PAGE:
My books can be purchased as e-books for only $1.99. If interested, just click here: Books.
Match Play is a golf/suspense novel. Dust of Autumn is a bloody one set in upstate New York. Prairie View is set in South Dakota, with a final scene atop Rattlesnake Butte. Life in the Arbor is a children's book about Rollie Rabbit and his friends (on about a fourth grade level). The Black Widow involves an elaborate extortion scheme. Doggy-Dog World is my memoir. And ES3 is a description of my method for examining English sentence structure.
In case anyone is interested in any of my past posts, an archive list can be found at the bottom of this page.
My newest novel, Happy Valley, can be found here.

Thursday, November 17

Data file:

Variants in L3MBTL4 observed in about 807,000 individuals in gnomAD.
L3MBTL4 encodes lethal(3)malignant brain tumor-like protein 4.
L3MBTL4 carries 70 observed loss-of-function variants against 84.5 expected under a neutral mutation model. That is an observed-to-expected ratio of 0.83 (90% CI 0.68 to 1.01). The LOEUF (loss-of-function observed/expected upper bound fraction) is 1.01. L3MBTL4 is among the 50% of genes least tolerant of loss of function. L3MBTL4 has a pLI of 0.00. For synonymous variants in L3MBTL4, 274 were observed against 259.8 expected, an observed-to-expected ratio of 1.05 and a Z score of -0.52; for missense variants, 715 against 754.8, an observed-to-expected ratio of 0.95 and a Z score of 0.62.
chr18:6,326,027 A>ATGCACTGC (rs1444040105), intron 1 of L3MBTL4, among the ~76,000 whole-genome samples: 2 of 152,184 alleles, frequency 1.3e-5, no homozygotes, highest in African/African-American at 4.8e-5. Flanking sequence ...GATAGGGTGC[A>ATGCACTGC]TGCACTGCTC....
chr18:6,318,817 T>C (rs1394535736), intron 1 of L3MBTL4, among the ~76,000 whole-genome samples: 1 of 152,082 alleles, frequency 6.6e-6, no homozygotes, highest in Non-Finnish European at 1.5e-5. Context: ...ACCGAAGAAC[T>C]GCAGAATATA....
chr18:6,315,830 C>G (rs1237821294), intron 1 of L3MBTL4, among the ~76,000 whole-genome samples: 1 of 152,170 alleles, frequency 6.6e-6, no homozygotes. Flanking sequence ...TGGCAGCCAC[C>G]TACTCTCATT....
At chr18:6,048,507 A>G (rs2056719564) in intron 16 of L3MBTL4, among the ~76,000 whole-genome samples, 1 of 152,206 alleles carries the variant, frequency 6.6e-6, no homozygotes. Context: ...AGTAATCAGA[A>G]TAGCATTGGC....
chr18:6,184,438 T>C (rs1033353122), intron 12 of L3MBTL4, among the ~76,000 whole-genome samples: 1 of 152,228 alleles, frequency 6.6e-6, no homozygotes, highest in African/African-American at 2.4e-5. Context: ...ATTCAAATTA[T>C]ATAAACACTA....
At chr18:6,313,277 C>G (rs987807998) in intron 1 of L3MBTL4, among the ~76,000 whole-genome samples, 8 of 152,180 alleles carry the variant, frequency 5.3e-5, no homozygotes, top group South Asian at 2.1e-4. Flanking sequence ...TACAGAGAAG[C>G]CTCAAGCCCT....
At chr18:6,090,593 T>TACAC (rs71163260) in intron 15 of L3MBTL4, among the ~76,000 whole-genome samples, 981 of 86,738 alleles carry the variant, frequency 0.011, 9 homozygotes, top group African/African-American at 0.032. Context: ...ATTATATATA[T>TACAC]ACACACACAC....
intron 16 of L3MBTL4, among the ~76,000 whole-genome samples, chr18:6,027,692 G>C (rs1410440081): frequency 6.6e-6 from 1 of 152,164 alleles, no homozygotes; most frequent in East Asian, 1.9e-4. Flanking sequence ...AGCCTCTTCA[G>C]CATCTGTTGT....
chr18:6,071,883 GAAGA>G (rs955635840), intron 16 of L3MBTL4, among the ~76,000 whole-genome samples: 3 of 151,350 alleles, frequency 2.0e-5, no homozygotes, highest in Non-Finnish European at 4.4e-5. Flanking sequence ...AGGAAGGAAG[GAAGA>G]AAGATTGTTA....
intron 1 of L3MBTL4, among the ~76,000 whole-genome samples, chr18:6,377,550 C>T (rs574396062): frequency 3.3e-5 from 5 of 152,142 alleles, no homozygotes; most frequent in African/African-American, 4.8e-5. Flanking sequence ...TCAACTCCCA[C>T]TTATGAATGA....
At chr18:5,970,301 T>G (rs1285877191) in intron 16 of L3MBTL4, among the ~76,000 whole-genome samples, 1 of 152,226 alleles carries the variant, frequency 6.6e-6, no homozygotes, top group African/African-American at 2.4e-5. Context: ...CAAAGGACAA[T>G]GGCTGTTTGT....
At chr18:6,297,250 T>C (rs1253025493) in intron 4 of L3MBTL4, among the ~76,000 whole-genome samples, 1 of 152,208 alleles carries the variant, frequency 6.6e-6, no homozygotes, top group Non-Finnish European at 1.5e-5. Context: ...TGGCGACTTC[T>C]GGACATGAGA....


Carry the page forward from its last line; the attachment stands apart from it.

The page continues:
Science fiction has always depended on alien invasion as one of its most reliable genres, some depicting hostile aliens here to destroy us and take over our world (or possibly to eat us), some depicting benevolent aliens here to help humanity find its place in the universe. Think back to H. G. Wells’ The War of the Worlds, John Wyndham’s The Day of the Triffids, Robert Heinlein’s The Puppet Masters. There are more novels envisaging hostile invasion than benevolent visitation (hostility more suspenseful than benevolence). One of my favorite science fiction novels—hell, one of my favorite novels of any kind—is Arthur C. Clarke’s Childhood’s End. This novel helped me understand my beliefs in the future of man, that we’re only on the threshold of becoming what we will be, might be, in the future, gave me a reason to believe in the existence of God, or some creative force in the universe similar to what most of us think of as God. And the films that try to show this same thing: Close Encounters of the Third Kind, Contact, and now Arrival, the movie just released with Amy Adams and Jeremy Renner, with Renner playing Dr. Ian Donnelly, an expert in math and theoretical physics, and Adams playing Dr. Louise Banks, a world-renowned expert in linguistics who is given the task of learning how to communicate with these aliens who have come to earth either for conquest or benevolence, with foggy scenes of alien heptapods (seven-legged) that spoke to Dr. Banks in intricate smoke rings that looked a bit like ink squirts from gigantic squids. I loved this movie. I love language and the many ways we and other beings might use to communicate with each other. I loved what this film was trying to say—time as circular instead of just linear, peace in the world, a united mankind looking to the next frontier, space. Even though I loved this film, there were still things that either could have been done better or the plot lines could have been clearer. The background music was a bit too heavy, giving us unnecessarily menacing non-musical sounds (like whale songs) whenever the team approached the door to the hovering spaceship; the flashbacks (or brief memories Dr. Banks has of her daughter and her daughter’s tragic death from some incurable disease) helped us understand the circularity of time but which, in retrospect, didn’t make sense. Dr. Banks explains to Col. Weber (Forest Whitaker) that language can be misleading and infuriatingly complex. She tells him about modern man’s first encounter with Australian aborigines. When they asked the aborigines what they called that little animal that carried its young in a pouch, they replied “kangaroo.” But later, it was determined that “kangaroo” means “I don’t understand.” Renner asked her if that story was true, and she said, “No, but it made my point, didn’t it?” I too, must cry, “Kangaroo!” regarding this film’s meaning. Arrival owes a big debt to Arthur C. Clarke and Childhood’s End, the plot of which was also based on alien spaceships hovering over major world cities, with aliens and their unclear agendas about earth and mankind. I loved Clarke’s message and his optimism, and I loved Arrival enough to 4-star recommend it to all sci-fi fans and all who might become sci-fi fans after seeing this movie.
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